In 1792, Primidi Vendémiaire of year 1 of the French Republican Calendar as the French First Republic comes into being.

In 1862, Slavery in the United States: a preliminary version of the Emancipation Proclamation is released.

In 1885, Lord Randolph Churchill makes a speech in Ulster in opposition to Home Rule.

In 1908, The Bulgarian Declaration of Independence is proclaimed.

In 1957, In Haiti, François Duvalier is elected president.

In 1960, The Sudanese Republic is renamed Mali after the withdrawal of Senegal from the Mali Federation.

In 2014, In accordance with New Business Item 51, the “NEA will, using electronic resources, publish a list of Pre-K – Graduate School recommended books in the NEA Today that have LGBTQ and gender non-conforming themes.” The union will compile this list so that teachers can better promote Lesbian, Gay, Bisexual, Transgender, Queer, and Questioning (LGBTQQ) lifestyles. Just when it appeared that the NEA could not more heavily promote alternative sexual lifestyles nor place any more emphasis on teaching even very young children all manner of sexual behaviors, at the 2014 convention they surpassed themselves with a call to bring some of the most radical LGBTQQ organizations in the world into the nation’s classrooms.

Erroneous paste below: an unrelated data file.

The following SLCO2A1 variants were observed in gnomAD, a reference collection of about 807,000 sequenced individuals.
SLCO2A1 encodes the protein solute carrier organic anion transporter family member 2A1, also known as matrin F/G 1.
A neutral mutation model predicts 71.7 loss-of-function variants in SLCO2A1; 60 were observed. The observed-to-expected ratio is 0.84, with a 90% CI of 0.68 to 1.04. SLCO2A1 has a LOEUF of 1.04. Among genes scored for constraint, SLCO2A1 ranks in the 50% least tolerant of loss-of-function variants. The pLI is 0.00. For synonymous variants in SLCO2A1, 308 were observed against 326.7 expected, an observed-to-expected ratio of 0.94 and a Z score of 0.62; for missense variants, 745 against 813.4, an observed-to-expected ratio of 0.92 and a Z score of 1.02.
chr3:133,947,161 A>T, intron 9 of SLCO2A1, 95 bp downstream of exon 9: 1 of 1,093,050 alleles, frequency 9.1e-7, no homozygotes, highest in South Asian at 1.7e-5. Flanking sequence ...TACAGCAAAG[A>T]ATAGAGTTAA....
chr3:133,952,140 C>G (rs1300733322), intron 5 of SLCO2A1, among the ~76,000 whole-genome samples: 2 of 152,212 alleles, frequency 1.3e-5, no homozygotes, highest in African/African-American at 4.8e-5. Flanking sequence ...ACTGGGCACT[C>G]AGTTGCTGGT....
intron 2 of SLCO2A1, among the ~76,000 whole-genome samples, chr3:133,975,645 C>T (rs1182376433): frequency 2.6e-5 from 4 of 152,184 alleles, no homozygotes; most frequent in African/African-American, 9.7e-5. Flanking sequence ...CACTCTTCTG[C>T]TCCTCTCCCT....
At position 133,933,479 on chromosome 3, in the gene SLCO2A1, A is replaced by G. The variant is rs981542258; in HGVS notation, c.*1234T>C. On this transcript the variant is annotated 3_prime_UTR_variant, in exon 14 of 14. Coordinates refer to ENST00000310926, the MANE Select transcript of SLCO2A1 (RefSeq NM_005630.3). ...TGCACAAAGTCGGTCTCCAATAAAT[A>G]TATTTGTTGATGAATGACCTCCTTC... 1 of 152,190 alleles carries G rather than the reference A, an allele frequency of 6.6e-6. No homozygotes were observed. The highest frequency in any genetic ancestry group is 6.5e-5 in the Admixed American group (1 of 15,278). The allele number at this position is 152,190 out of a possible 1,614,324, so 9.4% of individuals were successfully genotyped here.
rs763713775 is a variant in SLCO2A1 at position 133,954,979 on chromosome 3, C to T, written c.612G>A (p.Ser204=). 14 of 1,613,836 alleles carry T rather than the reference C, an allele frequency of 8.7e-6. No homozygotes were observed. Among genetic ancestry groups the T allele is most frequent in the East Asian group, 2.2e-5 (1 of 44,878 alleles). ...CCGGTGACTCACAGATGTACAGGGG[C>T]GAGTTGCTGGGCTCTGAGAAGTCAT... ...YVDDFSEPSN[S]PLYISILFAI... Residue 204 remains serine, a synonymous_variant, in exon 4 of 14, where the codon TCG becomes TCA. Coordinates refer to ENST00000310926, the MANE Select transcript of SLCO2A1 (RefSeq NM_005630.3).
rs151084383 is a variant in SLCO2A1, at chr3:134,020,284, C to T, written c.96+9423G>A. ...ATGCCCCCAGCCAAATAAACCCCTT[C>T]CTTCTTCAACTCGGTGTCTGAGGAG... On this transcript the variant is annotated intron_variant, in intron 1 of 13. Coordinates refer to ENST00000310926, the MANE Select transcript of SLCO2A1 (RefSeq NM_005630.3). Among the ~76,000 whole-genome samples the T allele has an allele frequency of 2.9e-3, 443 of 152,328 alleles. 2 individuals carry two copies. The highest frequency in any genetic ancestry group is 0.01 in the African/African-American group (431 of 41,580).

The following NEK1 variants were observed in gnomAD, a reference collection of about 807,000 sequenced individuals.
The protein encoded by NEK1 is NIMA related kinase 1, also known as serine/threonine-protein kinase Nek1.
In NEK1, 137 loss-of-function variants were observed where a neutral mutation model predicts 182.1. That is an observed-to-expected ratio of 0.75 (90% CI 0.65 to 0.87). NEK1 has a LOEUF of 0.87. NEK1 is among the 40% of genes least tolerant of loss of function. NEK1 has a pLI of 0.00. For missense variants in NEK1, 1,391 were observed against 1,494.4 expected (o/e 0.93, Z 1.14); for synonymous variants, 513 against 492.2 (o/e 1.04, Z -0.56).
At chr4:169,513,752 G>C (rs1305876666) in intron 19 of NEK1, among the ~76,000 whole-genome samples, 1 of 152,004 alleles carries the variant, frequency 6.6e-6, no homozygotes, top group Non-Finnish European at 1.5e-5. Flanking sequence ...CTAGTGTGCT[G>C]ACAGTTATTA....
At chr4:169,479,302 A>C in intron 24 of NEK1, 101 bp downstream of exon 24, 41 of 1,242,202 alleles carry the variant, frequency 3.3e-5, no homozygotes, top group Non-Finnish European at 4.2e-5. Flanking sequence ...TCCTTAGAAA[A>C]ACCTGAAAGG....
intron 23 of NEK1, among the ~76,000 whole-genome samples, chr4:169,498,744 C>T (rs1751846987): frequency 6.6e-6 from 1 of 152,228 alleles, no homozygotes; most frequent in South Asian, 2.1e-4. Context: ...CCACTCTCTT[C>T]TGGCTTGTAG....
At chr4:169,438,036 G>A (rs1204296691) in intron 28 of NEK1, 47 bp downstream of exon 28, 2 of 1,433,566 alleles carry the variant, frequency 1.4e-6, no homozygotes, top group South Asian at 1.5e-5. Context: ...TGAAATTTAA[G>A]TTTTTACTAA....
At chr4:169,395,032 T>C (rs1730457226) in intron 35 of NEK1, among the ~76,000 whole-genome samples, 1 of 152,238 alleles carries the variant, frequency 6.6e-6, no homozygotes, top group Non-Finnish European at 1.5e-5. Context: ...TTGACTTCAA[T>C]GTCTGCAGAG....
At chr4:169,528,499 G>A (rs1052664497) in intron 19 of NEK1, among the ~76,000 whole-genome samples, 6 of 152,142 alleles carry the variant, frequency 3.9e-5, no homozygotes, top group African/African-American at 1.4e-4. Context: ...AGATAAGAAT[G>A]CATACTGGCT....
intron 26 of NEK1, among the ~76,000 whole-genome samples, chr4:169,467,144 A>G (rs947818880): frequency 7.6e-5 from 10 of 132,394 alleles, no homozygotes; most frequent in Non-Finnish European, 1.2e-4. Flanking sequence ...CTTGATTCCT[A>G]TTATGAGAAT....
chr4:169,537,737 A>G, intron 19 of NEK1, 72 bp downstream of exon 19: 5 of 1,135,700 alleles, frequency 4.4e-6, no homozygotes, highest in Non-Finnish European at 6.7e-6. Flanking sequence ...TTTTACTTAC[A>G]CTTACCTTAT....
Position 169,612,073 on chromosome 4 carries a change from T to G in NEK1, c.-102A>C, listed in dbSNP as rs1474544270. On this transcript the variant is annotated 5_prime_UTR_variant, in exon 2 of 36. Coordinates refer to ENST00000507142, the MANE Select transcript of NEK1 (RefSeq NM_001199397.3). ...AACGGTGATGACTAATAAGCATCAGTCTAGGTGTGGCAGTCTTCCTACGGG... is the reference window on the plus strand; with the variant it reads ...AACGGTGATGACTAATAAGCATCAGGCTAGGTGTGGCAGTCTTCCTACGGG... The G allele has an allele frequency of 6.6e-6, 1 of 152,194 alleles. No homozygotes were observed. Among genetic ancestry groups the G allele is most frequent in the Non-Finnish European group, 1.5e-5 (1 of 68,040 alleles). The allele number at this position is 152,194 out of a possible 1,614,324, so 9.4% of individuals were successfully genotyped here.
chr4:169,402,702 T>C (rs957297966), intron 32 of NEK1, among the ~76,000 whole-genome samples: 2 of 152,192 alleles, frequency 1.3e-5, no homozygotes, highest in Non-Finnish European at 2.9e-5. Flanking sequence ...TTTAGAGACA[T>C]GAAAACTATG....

War, Crime and Disaster events on September 22nd

In 904, The warlord Zhu Quanzhong kills Emperor Zhaozong, the penultimate emperor of the Tang Dynasty, after seizing control of the imperial government.

In 1236, The Lithuanians and Semigallians defeat the Livonian Brothers of the Sword in the Battle of Saule.

In 1586, Battle of Zutphen: Spanish victory over the English and Dutch.

In 1692, The last people hanged for witchcraft in England’s North American colonies takes place.